• Jah in the Flesh: An Examination of Spirit, Power, and Divine Envesselment in Rastafari

      Rey, Terry; Levitt, Laura, 1960-; Johnson, Amari; Neptune, Harvey R., 1970- (Temple University. Libraries, 2020)
      This dissertation examines one of the most significant theological shifts in the Rastafari movement: the transformation of the Rastafari deity, His Imperial Majesty Emperor Haile Selassie I, from Jah in the flesh to the spirit that dwells within the body of each Rasta. Although the belief that Rastas are participants in the divinity of Jah emerged early in Rastafari, it was not until Selassie’s death in 1975 that the theological assertion of Jah dwelling within their bodies as the spirit emerged. Despite the initial claim made by some of the early Rastas that their bodies are the dwelling place of Jah, the notion of Jah as indwelling the spirit remains undertheorized, thus leading to an inadequate view that Rastafari is tenuously an African-derived religion. The aim of this dissertation, therefore, is to make visible the notion of Jah as spirit by focusing on how Rastas conceptualize and ritualize the process of Jah becoming a part of their bodies. The dissertation proposes divine envesselment as a central theoretical and conceptual framework to understand the Rastafari belief that their deity Jah becomes a permanent part of their bodies, thereby imbuing them with divine power, authority, and identity to resist the oppressive state Babylon. By formulating a theory of divine envesselment to account for the indwelling of Jah within the body, this study highlights the social, cultural, and theological factors that enabled Rastas to deify Selassie, continue to proclaim him as God after his death, and distinguish themselves from the oppressive neocolonial state through their ritualization of Jah spirit and power. The study uses an African-centered epistemological approach to argue that the Rastafari belief that Jah dwells within them is not only an embrace of the spirit but an ethos rooted in the history of contestation and creative friction within the Afro-Caribbean religious field. Furthermore, an African-centered epistemology locates the process of divine envesselment (Jah becoming the spirit that dwells in flesh) within the social, material, intellectual, and symbolic world of African people on the continent and in the diaspora. The study asserts that the logic, structure, and nature of Rastafari as an African-derived religion with a conception of spirit become evident when examined through an African-centered epistemological lens.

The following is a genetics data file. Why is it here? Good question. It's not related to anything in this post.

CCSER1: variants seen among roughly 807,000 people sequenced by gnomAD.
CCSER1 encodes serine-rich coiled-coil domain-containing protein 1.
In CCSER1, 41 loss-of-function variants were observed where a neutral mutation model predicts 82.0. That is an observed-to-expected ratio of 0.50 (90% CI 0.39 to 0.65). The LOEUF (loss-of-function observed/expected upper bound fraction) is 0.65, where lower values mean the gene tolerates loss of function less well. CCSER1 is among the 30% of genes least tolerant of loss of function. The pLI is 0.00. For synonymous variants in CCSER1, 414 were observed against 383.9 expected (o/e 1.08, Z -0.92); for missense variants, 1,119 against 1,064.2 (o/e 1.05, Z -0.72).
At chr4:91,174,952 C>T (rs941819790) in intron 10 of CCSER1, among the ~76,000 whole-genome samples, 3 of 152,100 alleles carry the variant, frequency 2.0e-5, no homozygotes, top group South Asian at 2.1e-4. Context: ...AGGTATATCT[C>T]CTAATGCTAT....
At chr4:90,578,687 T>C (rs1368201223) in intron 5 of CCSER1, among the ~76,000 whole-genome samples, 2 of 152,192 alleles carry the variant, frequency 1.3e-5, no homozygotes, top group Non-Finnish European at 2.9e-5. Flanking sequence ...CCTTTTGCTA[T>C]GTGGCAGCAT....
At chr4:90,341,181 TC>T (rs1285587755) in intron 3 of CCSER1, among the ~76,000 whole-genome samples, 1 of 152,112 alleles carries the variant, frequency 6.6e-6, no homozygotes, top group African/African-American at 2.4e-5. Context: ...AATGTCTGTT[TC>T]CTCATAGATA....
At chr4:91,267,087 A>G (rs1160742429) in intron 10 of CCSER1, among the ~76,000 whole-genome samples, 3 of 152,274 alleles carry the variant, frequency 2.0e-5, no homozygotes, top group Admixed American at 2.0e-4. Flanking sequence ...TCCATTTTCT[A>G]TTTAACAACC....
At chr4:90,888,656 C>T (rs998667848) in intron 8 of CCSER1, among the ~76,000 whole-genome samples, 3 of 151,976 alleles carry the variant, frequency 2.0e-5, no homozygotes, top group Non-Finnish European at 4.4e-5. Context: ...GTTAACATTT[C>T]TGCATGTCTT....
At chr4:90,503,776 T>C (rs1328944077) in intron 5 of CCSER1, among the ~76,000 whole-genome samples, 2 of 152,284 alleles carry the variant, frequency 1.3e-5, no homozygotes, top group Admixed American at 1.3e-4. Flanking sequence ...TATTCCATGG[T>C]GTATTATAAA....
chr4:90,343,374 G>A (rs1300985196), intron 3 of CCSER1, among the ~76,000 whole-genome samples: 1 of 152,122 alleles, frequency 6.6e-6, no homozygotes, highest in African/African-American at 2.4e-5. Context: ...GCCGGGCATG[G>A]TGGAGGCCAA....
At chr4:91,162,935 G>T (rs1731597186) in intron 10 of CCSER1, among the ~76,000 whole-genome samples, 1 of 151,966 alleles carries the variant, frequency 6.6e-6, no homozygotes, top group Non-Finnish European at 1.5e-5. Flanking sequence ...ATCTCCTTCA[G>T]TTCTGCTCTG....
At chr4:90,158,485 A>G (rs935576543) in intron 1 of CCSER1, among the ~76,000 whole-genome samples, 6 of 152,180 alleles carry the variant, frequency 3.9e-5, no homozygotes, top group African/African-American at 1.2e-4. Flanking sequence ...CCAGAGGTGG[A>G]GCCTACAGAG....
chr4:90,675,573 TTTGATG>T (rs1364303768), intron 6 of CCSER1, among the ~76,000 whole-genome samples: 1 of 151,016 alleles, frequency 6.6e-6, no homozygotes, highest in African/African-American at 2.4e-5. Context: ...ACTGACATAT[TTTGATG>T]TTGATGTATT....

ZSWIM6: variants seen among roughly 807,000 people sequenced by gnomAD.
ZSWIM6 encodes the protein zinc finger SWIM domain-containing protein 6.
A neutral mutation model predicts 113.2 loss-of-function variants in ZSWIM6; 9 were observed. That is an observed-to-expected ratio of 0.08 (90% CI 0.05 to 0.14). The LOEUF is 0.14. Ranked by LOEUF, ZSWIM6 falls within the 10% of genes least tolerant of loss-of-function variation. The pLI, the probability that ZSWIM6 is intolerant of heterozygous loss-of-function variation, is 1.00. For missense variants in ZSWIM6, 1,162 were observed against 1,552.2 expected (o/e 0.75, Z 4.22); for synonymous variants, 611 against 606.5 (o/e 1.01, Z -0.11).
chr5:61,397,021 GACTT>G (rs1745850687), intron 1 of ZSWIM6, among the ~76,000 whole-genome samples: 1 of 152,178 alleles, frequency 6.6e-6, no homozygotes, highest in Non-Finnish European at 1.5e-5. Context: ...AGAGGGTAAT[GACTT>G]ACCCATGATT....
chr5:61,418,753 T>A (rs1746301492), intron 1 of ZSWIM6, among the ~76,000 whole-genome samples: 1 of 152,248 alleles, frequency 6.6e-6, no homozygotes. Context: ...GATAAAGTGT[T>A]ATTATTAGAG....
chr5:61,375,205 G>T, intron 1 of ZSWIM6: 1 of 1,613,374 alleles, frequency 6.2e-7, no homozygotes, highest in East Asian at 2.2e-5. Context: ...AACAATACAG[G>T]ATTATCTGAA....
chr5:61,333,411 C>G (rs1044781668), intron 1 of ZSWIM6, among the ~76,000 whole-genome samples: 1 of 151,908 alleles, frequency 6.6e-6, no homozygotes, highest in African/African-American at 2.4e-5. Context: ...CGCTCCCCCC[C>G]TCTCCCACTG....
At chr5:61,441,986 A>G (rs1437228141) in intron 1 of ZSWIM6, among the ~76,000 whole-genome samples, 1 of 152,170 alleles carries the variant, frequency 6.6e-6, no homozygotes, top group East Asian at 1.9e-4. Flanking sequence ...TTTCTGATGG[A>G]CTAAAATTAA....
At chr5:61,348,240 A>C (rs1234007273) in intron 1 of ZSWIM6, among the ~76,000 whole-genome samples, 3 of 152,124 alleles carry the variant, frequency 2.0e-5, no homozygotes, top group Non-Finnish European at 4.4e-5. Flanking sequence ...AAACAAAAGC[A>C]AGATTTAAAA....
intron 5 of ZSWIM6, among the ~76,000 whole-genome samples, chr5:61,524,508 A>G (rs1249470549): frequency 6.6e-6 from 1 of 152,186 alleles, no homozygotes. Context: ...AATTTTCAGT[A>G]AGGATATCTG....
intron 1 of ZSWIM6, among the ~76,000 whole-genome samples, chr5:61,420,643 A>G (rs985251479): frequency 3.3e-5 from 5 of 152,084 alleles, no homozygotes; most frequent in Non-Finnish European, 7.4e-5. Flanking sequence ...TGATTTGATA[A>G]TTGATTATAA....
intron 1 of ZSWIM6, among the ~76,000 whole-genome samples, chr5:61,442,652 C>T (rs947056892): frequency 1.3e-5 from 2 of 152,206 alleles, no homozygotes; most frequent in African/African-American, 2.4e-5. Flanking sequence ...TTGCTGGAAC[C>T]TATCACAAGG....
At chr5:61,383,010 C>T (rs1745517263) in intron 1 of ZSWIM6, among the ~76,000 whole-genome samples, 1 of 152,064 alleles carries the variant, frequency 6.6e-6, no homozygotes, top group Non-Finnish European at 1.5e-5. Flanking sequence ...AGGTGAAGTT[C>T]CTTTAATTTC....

• Remembering Asar: An Argument to Authenticate RastafarI's Conceptualization(s) of Haile Selassie I

      Norment, Nathaniel; Abarry, Abu Shardow, 1947-; Carr, Greg (Greg E.); Jenkins, Wilbert L., 1953- (Temple University. Libraries, 2009)
      Since the emergence of RastafarI communities within 1930's Jamaica following the coronation of Ras Tafari Makonnen as Haile Selassie I, Negus (king) of Ethiopia, RastafarI continuously articulate his divinity within their discourse. While the specific nomenclature for and significance of Haile Selassie I may vary in accordance to time and affiliation, it is unquestionable that Selassie I remains central to the RastafarI way of life for more than 70 years. What scholars and thinkers on RastafarI question, and very fervently so during the past 10 years, is the authenticity of the divinity of Selassie I within RastafarI thought. The few scholars who attempt to solve what for them is the "problem of authenticity," claim, through christological and apologistic approaches, that RastafarI need to reconsider the possibility of his status, as it is conjecture and blasphemy. Adhering to African epistemological assumptions that everything in existence comprises the whole of existence, we rely on an African symbolic approach to examine RastafarI conceptualizations of Selassie I within pre-coronation, coronation and post-coronation RastafarI writings. Given that the material reality seemingly degenerates the collective body and consciousness in accordance with the cycles of time as expressed within the most ancient of Kemetic cosmologies, our aim is to suggest that Haile Selassie I emerges as a ba, the soul template, of Asar, a force manifesting as the human ability and potential to exist within the material realm in accordance with the unseen realm of existence. We conclude, unlike previous academic thinkers who examine RastafarI thought, that RastafarI thinking about Haile Selassie I is therefore an authentic perspective, one that undoubtedly occurs in accordance with the structure and origin of the universe and the cyclical journey of Africana reclamation of a primordial consciousness.